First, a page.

‘Lowline Lab’ Provides Glimpse of Subterranean Park

A new park exhibit is opening to show how an unused trolley station could be put into use. Although inside, the plants are able to receive enough sunlight to grow using a complex system of lenses and mirrors.

by Citiscope / October 23, 2015
The LowlineLab, an underground park, will be open to the public for free on weekends in New York City. instagram/lowlinenyc

Bold plans for the “Lowline,’ an underground park planned for a vacant trolley terminal in New York City, have moved a step closer to reality. Lisha Arino reports for DNAInfo that the newly opened Lowline Lab provides a glimpse of what a subterranean park would offer.

Visitors to the park would meander through an exhibit that features thousands of plants bathed in sunlight despite the indoor location. Rays would reach the vegetation with the help of an elaborate network of mirrors, reflectors and lenses, the article says.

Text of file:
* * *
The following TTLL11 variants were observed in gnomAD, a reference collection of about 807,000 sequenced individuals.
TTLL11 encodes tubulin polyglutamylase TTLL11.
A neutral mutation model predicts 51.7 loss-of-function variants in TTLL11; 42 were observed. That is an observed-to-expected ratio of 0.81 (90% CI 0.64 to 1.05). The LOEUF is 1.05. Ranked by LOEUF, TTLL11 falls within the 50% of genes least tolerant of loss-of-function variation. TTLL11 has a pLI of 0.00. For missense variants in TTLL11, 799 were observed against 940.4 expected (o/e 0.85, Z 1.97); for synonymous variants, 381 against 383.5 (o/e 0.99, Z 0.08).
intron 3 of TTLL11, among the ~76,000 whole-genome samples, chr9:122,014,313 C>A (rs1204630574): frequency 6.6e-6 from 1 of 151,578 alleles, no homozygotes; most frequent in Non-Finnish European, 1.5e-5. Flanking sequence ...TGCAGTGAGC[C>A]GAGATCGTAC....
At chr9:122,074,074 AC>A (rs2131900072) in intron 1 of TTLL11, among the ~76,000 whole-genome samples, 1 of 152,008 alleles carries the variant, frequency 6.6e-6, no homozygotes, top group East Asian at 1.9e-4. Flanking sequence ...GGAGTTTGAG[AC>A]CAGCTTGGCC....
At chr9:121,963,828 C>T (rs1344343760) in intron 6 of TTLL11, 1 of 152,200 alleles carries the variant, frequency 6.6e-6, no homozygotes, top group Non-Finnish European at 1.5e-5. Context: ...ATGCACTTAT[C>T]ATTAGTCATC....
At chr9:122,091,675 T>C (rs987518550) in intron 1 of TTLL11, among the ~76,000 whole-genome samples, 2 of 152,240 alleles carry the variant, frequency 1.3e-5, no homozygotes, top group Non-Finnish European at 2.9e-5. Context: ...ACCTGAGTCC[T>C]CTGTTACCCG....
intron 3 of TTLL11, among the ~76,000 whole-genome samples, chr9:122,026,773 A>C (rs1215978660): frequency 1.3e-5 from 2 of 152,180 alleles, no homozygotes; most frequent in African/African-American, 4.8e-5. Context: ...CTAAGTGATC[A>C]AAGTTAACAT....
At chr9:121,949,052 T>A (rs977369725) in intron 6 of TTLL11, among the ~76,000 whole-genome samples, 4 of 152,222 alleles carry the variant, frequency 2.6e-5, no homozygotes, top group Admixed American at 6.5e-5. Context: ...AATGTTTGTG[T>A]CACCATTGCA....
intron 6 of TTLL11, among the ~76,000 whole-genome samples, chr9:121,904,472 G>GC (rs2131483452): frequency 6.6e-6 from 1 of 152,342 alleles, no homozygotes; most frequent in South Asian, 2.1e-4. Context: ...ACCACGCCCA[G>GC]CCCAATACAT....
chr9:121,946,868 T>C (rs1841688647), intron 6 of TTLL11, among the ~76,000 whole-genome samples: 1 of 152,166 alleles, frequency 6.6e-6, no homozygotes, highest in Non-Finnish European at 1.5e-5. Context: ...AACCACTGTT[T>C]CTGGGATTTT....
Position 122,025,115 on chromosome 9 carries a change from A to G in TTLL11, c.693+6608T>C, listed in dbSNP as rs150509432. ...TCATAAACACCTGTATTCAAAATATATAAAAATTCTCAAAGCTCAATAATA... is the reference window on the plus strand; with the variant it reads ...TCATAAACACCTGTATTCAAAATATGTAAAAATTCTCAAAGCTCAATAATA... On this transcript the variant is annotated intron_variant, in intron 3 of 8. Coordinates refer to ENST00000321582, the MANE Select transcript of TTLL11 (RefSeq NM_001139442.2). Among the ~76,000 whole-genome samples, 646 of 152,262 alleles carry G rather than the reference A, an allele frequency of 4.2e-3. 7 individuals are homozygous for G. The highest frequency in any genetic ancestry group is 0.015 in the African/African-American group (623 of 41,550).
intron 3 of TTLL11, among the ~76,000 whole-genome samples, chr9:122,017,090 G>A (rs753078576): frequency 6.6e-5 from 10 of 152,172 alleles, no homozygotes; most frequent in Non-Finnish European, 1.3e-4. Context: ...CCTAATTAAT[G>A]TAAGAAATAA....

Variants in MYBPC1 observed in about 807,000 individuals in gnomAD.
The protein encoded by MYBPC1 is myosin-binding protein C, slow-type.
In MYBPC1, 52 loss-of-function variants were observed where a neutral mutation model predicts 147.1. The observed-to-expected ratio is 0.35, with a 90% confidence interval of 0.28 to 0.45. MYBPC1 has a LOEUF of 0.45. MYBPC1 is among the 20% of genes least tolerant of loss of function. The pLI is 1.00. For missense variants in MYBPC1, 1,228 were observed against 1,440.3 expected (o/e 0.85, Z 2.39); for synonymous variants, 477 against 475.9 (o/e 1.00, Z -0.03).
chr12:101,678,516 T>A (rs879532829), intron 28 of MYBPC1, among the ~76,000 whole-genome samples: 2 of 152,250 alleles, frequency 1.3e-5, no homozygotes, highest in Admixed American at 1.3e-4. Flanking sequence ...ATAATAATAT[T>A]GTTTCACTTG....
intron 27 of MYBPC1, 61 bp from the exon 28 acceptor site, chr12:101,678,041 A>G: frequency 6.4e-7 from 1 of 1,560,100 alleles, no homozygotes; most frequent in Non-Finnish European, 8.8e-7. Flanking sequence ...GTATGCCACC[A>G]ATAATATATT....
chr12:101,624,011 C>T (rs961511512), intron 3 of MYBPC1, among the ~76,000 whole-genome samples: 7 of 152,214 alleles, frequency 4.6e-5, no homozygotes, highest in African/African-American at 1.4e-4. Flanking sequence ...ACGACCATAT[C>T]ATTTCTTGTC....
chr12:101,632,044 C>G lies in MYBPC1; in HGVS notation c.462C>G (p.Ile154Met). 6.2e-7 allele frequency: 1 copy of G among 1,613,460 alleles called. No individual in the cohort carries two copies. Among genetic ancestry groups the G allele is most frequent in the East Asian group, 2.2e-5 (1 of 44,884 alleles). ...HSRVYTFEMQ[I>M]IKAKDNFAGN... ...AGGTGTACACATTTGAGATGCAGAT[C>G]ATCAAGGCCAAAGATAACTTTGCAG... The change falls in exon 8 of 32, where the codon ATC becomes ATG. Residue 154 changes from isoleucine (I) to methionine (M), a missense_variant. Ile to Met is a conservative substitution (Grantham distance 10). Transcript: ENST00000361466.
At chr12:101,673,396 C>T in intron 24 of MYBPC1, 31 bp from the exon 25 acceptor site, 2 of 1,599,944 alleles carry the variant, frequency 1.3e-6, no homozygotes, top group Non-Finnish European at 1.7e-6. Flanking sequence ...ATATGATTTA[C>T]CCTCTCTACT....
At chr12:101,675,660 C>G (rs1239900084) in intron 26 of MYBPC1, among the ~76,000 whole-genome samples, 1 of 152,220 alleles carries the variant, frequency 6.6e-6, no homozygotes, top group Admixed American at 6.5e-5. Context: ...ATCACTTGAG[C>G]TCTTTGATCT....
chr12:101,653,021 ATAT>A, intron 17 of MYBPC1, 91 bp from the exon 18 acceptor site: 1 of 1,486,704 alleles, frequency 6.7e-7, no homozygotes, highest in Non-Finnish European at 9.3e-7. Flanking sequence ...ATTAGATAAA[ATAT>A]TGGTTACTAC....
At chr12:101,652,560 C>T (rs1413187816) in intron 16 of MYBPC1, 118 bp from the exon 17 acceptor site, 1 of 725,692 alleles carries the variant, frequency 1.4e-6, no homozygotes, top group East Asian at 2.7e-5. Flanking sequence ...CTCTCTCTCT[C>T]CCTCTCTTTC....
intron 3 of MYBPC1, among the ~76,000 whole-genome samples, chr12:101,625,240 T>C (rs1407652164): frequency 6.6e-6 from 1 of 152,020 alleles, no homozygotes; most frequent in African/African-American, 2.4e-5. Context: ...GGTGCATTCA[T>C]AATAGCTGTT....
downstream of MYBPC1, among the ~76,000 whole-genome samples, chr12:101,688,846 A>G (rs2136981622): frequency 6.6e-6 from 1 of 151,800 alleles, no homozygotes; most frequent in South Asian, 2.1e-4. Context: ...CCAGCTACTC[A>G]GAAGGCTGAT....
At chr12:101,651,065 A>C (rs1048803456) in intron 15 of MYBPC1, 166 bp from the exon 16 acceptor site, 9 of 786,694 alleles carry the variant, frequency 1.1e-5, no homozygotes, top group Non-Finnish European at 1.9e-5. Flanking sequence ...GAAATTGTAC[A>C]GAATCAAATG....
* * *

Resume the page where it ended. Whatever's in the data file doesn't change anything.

Proponents of the Lowline draw their inspiration from the High Line, a linear, elevated park on Manhattan’s West Side. That hugely successful park has inspired a number of projects around the world. The five-month Lowline Lab exhibit, which opened Saturday, is located in a former market in the city’s Lower East Side neighborhood. More details are here.

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